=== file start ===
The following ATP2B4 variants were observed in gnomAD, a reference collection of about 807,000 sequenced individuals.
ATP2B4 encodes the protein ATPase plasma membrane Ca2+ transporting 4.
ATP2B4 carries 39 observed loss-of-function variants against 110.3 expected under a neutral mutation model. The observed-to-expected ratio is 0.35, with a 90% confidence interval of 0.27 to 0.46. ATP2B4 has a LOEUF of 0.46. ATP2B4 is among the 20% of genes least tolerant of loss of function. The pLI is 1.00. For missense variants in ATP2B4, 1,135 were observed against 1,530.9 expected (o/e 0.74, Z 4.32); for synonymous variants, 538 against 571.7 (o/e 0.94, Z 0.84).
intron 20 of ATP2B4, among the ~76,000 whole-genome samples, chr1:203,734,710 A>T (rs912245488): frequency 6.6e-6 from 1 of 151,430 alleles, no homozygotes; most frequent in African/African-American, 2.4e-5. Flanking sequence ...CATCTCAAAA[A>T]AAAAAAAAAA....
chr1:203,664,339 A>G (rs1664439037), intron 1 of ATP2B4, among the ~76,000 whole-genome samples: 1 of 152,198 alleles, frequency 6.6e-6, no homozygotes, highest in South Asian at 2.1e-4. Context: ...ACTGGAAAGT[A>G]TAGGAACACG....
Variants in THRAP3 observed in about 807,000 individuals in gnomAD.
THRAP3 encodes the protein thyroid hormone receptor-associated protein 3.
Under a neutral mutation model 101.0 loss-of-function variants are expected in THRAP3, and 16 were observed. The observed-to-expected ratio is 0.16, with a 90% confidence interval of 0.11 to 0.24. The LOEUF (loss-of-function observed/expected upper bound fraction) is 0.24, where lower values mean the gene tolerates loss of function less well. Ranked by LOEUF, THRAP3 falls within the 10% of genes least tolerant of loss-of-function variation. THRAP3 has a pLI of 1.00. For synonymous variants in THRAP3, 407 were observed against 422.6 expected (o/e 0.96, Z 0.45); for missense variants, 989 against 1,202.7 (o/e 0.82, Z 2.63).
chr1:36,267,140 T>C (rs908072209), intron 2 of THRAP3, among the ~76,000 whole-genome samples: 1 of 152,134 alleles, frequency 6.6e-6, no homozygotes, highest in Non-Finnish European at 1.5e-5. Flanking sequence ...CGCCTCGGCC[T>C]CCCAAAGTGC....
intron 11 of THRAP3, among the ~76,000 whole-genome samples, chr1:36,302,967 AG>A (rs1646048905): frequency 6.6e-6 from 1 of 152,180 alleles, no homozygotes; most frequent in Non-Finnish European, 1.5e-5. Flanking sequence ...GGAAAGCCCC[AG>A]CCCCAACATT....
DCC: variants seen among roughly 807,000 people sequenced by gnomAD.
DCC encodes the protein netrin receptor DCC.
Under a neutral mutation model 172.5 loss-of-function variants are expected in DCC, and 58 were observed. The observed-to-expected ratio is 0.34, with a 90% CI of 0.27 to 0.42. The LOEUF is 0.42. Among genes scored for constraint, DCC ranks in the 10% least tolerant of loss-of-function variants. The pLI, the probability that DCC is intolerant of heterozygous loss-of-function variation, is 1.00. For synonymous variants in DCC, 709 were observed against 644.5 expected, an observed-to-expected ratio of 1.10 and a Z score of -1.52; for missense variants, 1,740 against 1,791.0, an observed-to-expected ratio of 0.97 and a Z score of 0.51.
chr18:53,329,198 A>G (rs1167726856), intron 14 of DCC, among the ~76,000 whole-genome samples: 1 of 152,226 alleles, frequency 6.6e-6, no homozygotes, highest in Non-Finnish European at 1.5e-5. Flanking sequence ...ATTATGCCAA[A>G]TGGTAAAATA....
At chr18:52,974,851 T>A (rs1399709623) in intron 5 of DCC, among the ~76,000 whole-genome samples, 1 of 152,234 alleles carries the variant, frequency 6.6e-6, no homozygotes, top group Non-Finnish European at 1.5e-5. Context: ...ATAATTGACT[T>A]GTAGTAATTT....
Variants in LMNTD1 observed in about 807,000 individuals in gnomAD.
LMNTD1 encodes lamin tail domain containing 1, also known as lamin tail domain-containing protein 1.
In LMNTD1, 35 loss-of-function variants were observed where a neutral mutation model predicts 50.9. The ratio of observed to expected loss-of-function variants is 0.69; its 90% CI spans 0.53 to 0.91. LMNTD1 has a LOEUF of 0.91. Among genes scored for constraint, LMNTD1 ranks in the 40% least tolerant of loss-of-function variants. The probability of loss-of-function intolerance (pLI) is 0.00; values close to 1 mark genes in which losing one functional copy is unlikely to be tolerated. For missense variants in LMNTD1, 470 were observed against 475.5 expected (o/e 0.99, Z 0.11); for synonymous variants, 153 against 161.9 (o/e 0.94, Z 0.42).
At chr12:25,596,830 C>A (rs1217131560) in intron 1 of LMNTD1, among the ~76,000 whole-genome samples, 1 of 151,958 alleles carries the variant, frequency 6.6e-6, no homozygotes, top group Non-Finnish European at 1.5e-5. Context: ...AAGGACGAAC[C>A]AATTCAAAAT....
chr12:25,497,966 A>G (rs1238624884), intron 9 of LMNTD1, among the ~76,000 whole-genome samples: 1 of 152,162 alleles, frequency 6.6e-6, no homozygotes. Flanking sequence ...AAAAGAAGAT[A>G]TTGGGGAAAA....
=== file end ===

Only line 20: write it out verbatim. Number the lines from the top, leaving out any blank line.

chr12:25,497,966 A>G (rs1238624884), intron 9 of LMNTD1, among the ~76,000 whole-genome samples: 1 of 152,162 alleles, frequency 6.6e-6, no homozygotes. Flanking sequence ...AAAAGAAGAT[A>G]TTGGGGAAAA....